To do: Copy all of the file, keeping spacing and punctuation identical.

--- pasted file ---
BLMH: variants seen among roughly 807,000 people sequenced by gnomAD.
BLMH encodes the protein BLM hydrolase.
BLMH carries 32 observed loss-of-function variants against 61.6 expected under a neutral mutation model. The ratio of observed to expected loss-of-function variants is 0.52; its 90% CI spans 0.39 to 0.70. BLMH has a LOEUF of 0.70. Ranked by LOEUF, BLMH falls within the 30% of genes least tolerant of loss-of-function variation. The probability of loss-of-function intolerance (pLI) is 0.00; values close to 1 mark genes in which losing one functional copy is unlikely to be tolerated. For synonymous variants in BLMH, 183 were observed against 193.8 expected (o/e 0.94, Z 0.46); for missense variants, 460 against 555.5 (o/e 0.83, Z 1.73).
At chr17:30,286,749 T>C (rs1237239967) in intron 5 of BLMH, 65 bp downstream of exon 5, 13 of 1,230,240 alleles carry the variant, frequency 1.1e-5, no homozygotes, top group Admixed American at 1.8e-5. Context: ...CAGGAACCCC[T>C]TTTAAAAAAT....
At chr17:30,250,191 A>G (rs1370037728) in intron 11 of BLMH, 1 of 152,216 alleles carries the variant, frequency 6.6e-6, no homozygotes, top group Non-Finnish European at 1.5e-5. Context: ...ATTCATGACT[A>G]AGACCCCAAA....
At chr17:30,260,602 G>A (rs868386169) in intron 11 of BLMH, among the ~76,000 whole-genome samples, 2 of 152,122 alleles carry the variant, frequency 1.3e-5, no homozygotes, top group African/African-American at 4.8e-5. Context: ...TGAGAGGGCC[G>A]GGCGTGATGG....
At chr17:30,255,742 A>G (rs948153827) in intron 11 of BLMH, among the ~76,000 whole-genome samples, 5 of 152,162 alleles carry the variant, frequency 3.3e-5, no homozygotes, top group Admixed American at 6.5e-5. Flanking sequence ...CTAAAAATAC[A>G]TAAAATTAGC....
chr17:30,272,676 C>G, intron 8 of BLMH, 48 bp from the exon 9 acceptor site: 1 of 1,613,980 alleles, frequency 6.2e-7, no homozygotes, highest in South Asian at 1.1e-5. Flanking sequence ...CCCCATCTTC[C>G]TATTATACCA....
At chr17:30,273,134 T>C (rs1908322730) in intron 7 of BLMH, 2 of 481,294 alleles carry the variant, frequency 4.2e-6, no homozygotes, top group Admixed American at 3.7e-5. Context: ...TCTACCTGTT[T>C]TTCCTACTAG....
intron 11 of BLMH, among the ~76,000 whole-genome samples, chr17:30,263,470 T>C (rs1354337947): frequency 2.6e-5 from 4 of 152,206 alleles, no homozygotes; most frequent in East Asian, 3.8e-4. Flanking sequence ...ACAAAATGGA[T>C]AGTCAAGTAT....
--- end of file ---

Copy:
BLMH: variants seen among roughly 807,000 people sequenced by gnomAD.
BLMH encodes the protein BLM hydrolase.
BLMH carries 32 observed loss-of-function variants against 61.6 expected under a neutral mutation model. The ratio of observed to expected loss-of-function variants is 0.52; its 90% CI spans 0.39 to 0.70. BLMH has a LOEUF of 0.70. Ranked by LOEUF, BLMH falls within the 30% of genes least tolerant of loss-of-function variation. The probability of loss-of-function intolerance (pLI) is 0.00; values close to 1 mark genes in which losing one functional copy is unlikely to be tolerated. For synonymous variants in BLMH, 183 were observed against 193.8 expected (o/e 0.94, Z 0.46); for missense variants, 460 against 555.5 (o/e 0.83, Z 1.73).
At chr17:30,286,749 T>C (rs1237239967) in intron 5 of BLMH, 65 bp downstream of exon 5, 13 of 1,230,240 alleles carry the variant, frequency 1.1e-5, no homozygotes, top group Admixed American at 1.8e-5. Context: ...CAGGAACCCC[T>C]TTTAAAAAAT....
At chr17:30,250,191 A>G (rs1370037728) in intron 11 of BLMH, 1 of 152,216 alleles carries the variant, frequency 6.6e-6, no homozygotes, top group Non-Finnish European at 1.5e-5. Context: ...ATTCATGACT[A>G]AGACCCCAAA....
At chr17:30,260,602 G>A (rs868386169) in intron 11 of BLMH, among the ~76,000 whole-genome samples, 2 of 152,122 alleles carry the variant, frequency 1.3e-5, no homozygotes, top group African/African-American at 4.8e-5. Context: ...TGAGAGGGCC[G>A]GGCGTGATGG....
At chr17:30,255,742 A>G (rs948153827) in intron 11 of BLMH, among the ~76,000 whole-genome samples, 5 of 152,162 alleles carry the variant, frequency 3.3e-5, no homozygotes, top group Admixed American at 6.5e-5. Flanking sequence ...CTAAAAATAC[A>G]TAAAATTAGC....
chr17:30,272,676 C>G, intron 8 of BLMH, 48 bp from the exon 9 acceptor site: 1 of 1,613,980 alleles, frequency 6.2e-7, no homozygotes, highest in South Asian at 1.1e-5. Flanking sequence ...CCCCATCTTC[C>G]TATTATACCA....
At chr17:30,273,134 T>C (rs1908322730) in intron 7 of BLMH, 2 of 481,294 alleles carry the variant, frequency 4.2e-6, no homozygotes, top group Admixed American at 3.7e-5. Context: ...TCTACCTGTT[T>C]TTCCTACTAG....
intron 11 of BLMH, among the ~76,000 whole-genome samples, chr17:30,263,470 T>C (rs1354337947): frequency 2.6e-5 from 4 of 152,206 alleles, no homozygotes; most frequent in East Asian, 3.8e-4. Flanking sequence ...ACAAAATGGA[T>C]AGTCAAGTAT....